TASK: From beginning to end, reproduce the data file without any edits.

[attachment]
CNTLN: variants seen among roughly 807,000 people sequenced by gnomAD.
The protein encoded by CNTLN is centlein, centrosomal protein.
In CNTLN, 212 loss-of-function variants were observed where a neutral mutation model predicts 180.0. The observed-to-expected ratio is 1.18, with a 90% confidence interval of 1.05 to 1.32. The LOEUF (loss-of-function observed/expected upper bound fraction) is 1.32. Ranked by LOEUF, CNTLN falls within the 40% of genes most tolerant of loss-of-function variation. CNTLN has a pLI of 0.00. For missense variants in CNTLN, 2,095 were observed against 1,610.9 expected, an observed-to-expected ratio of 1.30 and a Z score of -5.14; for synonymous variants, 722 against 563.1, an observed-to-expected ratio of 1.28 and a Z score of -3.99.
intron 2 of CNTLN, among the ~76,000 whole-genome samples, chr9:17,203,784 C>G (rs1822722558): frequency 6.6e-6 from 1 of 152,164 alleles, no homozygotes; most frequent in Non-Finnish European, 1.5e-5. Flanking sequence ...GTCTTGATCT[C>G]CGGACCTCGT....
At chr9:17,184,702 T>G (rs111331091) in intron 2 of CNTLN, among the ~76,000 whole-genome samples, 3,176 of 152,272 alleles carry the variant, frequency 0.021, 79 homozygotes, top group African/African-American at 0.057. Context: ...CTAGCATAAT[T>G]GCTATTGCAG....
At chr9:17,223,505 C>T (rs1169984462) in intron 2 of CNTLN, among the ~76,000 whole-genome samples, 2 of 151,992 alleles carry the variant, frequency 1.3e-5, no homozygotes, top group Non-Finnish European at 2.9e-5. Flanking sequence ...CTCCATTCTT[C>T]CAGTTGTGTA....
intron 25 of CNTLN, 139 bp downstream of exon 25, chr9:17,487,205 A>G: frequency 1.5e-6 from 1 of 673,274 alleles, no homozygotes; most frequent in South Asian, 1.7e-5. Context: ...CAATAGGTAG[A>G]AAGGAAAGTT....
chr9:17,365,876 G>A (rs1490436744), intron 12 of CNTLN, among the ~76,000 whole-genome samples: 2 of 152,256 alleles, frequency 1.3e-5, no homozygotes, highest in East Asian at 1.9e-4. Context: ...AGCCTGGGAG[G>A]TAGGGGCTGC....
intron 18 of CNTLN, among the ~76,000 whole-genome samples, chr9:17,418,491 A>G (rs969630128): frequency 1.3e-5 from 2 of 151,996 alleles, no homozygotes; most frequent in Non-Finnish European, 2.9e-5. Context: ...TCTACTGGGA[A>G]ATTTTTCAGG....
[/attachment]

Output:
CNTLN: variants seen among roughly 807,000 people sequenced by gnomAD.
The protein encoded by CNTLN is centlein, centrosomal protein.
In CNTLN, 212 loss-of-function variants were observed where a neutral mutation model predicts 180.0. The observed-to-expected ratio is 1.18, with a 90% confidence interval of 1.05 to 1.32. The LOEUF (loss-of-function observed/expected upper bound fraction) is 1.32. Ranked by LOEUF, CNTLN falls within the 40% of genes most tolerant of loss-of-function variation. CNTLN has a pLI of 0.00. For missense variants in CNTLN, 2,095 were observed against 1,610.9 expected, an observed-to-expected ratio of 1.30 and a Z score of -5.14; for synonymous variants, 722 against 563.1, an observed-to-expected ratio of 1.28 and a Z score of -3.99.
intron 2 of CNTLN, among the ~76,000 whole-genome samples, chr9:17,203,784 C>G (rs1822722558): frequency 6.6e-6 from 1 of 152,164 alleles, no homozygotes; most frequent in Non-Finnish European, 1.5e-5. Flanking sequence ...GTCTTGATCT[C>G]CGGACCTCGT....
At chr9:17,184,702 T>G (rs111331091) in intron 2 of CNTLN, among the ~76,000 whole-genome samples, 3,176 of 152,272 alleles carry the variant, frequency 0.021, 79 homozygotes, top group African/African-American at 0.057. Context: ...CTAGCATAAT[T>G]GCTATTGCAG....
At chr9:17,223,505 C>T (rs1169984462) in intron 2 of CNTLN, among the ~76,000 whole-genome samples, 2 of 151,992 alleles carry the variant, frequency 1.3e-5, no homozygotes, top group Non-Finnish European at 2.9e-5. Flanking sequence ...CTCCATTCTT[C>T]CAGTTGTGTA....
intron 25 of CNTLN, 139 bp downstream of exon 25, chr9:17,487,205 A>G: frequency 1.5e-6 from 1 of 673,274 alleles, no homozygotes; most frequent in South Asian, 1.7e-5. Context: ...CAATAGGTAG[A>G]AAGGAAAGTT....
chr9:17,365,876 G>A (rs1490436744), intron 12 of CNTLN, among the ~76,000 whole-genome samples: 2 of 152,256 alleles, frequency 1.3e-5, no homozygotes, highest in East Asian at 1.9e-4. Context: ...AGCCTGGGAG[G>A]TAGGGGCTGC....
intron 18 of CNTLN, among the ~76,000 whole-genome samples, chr9:17,418,491 A>G (rs969630128): frequency 1.3e-5 from 2 of 151,996 alleles, no homozygotes; most frequent in Non-Finnish European, 2.9e-5. Context: ...TCTACTGGGA[A>G]ATTTTTCAGG....